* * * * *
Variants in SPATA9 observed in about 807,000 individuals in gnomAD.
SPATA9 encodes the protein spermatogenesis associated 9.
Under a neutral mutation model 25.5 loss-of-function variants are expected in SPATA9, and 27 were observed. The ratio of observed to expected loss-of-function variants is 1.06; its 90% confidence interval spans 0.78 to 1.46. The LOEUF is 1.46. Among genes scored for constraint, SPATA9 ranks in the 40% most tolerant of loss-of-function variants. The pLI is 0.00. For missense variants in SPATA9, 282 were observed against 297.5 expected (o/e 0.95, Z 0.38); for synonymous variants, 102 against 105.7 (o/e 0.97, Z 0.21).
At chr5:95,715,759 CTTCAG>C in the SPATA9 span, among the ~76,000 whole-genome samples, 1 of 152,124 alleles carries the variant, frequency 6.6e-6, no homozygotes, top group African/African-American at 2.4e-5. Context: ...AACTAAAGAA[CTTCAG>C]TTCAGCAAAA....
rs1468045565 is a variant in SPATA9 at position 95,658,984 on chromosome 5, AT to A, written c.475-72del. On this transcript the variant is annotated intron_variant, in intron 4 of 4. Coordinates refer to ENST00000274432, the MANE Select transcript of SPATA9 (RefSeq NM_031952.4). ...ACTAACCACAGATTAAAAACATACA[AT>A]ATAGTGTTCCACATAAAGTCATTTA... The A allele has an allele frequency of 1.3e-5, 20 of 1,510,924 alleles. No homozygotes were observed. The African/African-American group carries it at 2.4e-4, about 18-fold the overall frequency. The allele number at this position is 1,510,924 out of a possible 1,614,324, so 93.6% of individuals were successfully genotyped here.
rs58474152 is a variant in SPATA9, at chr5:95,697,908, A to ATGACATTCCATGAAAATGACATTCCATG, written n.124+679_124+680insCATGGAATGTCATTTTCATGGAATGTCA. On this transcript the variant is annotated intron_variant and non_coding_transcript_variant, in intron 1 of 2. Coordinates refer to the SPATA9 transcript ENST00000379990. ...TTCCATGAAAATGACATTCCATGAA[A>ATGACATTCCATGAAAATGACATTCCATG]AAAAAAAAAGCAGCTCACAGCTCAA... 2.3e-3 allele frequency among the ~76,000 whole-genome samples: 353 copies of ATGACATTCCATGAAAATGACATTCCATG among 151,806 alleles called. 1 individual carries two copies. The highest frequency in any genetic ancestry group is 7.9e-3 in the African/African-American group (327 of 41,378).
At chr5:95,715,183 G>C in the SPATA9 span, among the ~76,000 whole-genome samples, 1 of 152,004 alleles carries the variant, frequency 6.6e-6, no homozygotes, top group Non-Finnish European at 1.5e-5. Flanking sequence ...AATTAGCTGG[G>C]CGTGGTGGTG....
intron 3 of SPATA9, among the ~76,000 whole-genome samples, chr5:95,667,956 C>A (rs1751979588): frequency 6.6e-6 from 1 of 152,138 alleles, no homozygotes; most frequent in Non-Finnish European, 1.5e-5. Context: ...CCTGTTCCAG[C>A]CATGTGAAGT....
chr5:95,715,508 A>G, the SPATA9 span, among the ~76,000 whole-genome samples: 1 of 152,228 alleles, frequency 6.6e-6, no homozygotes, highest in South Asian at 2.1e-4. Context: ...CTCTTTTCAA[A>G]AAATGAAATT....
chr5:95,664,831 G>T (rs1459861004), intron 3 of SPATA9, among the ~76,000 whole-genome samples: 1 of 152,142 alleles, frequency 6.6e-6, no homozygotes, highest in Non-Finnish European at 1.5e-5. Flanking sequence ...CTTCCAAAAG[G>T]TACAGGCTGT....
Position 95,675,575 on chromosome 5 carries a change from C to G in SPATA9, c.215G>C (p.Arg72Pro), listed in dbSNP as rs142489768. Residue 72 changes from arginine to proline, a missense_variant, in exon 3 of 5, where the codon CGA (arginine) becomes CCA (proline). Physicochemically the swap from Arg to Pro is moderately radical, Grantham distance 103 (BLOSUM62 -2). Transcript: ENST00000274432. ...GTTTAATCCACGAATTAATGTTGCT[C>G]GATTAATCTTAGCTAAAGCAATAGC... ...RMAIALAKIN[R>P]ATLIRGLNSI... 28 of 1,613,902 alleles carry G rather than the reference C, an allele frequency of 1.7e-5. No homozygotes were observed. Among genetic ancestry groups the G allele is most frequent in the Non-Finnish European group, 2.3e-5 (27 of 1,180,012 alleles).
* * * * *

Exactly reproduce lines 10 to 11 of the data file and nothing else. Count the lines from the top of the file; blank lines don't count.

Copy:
chr5:95,664,831 G>T (rs1459861004), intron 3 of SPATA9, among the ~76,000 whole-genome samples: 1 of 152,142 alleles, frequency 6.6e-6, no homozygotes, highest in Non-Finnish European at 1.5e-5. Flanking sequence ...CTTCCAAAAG[G>T]TACAGGCTGT....
Position 95,675,575 on chromosome 5 carries a change from C to G in SPATA9, c.215G>C (p.Arg72Pro), listed in dbSNP as rs142489768. Residue 72 changes from arginine to proline, a missense_variant, in exon 3 of 5, where the codon CGA (arginine) becomes CCA (proline). Physicochemically the swap from Arg to Pro is moderately radical, Grantham distance 103 (BLOSUM62 -2). Transcript: ENST00000274432. ...GTTTAATCCACGAATTAATGTTGCT[C>G]GATTAATCTTAGCTAAAGCAATAGC... ...RMAIALAKIN[R>P]ATLIRGLNSI... 28 of 1,613,902 alleles carry G rather than the reference C, an allele frequency of 1.7e-5. No homozygotes were observed. Among genetic ancestry groups the G allele is most frequent in the Non-Finnish European group, 2.3e-5 (27 of 1,180,012 alleles).